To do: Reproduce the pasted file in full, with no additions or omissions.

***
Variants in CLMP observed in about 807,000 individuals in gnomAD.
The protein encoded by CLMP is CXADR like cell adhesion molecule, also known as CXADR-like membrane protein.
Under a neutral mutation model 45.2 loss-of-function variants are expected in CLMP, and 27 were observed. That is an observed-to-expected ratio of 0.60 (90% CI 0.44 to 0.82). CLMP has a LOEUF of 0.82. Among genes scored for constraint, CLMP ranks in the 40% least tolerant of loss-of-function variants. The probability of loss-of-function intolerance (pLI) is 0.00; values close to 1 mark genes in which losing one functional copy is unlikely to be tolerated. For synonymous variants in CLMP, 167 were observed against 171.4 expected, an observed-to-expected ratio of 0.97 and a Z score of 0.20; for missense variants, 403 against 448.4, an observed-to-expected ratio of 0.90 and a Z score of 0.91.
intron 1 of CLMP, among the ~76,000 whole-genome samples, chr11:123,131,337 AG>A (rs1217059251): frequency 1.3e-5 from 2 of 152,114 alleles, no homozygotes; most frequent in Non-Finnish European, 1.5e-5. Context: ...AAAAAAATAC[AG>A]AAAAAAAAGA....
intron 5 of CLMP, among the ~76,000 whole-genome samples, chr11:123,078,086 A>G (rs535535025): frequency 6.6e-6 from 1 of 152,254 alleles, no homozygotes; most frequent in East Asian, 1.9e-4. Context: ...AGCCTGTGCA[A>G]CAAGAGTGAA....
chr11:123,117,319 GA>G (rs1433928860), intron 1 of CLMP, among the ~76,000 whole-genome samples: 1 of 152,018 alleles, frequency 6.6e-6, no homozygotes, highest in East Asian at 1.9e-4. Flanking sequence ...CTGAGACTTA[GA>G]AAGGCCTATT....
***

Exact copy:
Variants in CLMP observed in about 807,000 individuals in gnomAD.
The protein encoded by CLMP is CXADR like cell adhesion molecule, also known as CXADR-like membrane protein.
Under a neutral mutation model 45.2 loss-of-function variants are expected in CLMP, and 27 were observed. That is an observed-to-expected ratio of 0.60 (90% CI 0.44 to 0.82). CLMP has a LOEUF of 0.82. Among genes scored for constraint, CLMP ranks in the 40% least tolerant of loss-of-function variants. The probability of loss-of-function intolerance (pLI) is 0.00; values close to 1 mark genes in which losing one functional copy is unlikely to be tolerated. For synonymous variants in CLMP, 167 were observed against 171.4 expected, an observed-to-expected ratio of 0.97 and a Z score of 0.20; for missense variants, 403 against 448.4, an observed-to-expected ratio of 0.90 and a Z score of 0.91.
intron 1 of CLMP, among the ~76,000 whole-genome samples, chr11:123,131,337 AG>A (rs1217059251): frequency 1.3e-5 from 2 of 152,114 alleles, no homozygotes; most frequent in Non-Finnish European, 1.5e-5. Context: ...AAAAAAATAC[AG>A]AAAAAAAAGA....
intron 5 of CLMP, among the ~76,000 whole-genome samples, chr11:123,078,086 A>G (rs535535025): frequency 6.6e-6 from 1 of 152,254 alleles, no homozygotes; most frequent in East Asian, 1.9e-4. Context: ...AGCCTGTGCA[A>G]CAAGAGTGAA....
chr11:123,117,319 GA>G (rs1433928860), intron 1 of CLMP, among the ~76,000 whole-genome samples: 1 of 152,018 alleles, frequency 6.6e-6, no homozygotes, highest in East Asian at 1.9e-4. Flanking sequence ...CTGAGACTTA[GA>G]AAGGCCTATT....